The cost of physically carrying your gas or electricity from source to destination differs by region: the further away from where the energy is produced or procured, the higher the cost of transportation. The transmission has been compared to the domestic energy motorway network while Distribution is seen as the more localized A and B highways that carry the energy to their ultimate destination. Both the travel costs and the transportation system maintenance costs themselves have to be paid out of your energy bill.
This lengthy range cost effect has a double whammy, and that is, power transportation is obviously inefficient. What is loaded in at the source is not going to be the same quantity at the meter that carries it out? These are known as losses, which are actually precisely what they are, the energy lost on the beach or generator-to-meter journey. The higher the amount of loss, of course, the more the energy has to move. As a consequence, the price of the loss falls heavier on customers who reside more remotely from the source. The price of loss is actually the price of the physical energy that has been placed in but not received.
As you can likely already say, the network of tubes is as broad as it is deep as it is diverse and all these need to be paid for. Not only for maintenance, but also for future-proofing to guarantee that we will be well into the future fit for purpose energy network. As a consequence, all energy bills have a cost recovery component to allow the operation of this ongoing process.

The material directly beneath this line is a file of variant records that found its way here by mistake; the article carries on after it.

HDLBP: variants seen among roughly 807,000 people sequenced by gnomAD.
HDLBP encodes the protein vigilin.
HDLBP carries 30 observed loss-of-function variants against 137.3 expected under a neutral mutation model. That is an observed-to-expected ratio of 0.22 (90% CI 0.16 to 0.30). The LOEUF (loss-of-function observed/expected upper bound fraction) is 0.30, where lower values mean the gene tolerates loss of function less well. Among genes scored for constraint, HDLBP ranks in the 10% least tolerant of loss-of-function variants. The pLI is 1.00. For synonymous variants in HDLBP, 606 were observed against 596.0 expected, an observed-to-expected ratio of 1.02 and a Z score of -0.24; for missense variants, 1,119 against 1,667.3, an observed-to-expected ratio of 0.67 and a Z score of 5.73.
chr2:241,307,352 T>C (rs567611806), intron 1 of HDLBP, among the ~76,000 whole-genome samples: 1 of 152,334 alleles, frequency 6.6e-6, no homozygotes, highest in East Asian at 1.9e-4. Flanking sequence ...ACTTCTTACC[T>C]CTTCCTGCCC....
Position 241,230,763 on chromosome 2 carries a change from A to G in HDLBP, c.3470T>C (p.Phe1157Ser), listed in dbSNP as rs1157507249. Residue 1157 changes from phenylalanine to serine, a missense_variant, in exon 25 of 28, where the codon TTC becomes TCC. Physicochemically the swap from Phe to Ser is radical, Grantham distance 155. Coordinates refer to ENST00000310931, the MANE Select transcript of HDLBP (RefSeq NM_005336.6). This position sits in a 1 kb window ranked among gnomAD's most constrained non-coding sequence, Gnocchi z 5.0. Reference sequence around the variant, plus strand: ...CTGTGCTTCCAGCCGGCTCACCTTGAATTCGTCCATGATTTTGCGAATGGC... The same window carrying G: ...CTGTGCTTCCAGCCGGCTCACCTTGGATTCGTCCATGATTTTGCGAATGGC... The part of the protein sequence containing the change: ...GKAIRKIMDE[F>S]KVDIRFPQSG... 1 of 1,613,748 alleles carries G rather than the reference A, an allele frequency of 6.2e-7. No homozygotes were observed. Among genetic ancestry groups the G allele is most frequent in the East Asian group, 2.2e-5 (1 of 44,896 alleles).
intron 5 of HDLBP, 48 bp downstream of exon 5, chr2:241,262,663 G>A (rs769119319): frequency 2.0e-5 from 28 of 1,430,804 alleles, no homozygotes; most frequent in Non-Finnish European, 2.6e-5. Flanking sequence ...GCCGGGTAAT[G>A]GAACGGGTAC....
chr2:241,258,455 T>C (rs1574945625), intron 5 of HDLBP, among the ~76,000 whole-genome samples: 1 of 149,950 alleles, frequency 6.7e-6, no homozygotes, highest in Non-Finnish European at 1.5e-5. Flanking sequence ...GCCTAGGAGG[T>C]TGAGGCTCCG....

While the government has been explicit with the Climate Change Levy appearing as a distinct line on energy bills, a number of other levies are hidden away. The Renewable Obligation and Feed-in Tariff, for example, are two of the better-known ones to be paid by all but a few companies. These components are controversial because they are not about keeping the lights on or maintaining the network but about de-carbonizing the supply of gas to fulfill global quotas.
The meter in your assumption may look like a box with a dial or an easy LCD read, but in reality at different moments of the day they can be quite complicated machines managing various energy patterns. These must be paid for as a physical asset (often amortized over a very lengthy period of time) as well as being "retained" and read if it is not a smart meter.
The supplier margin is the final and most contentious component. Contrary to common belief, the average margin is not one of the lowest elements on the bill, in reality. Moreover, it is not all straight profit, with marketing expenses, procurement expenses, all administrative expenses covered before net profit is taken. No one suggests that energy providers are not extremely lucrative enterprises, but hopefully, this guide will help you know the many items that make up your energy bill. To learn more about the component portion of the energy price, check our guides on what makes up the price of electricity and what makes up the price of gas.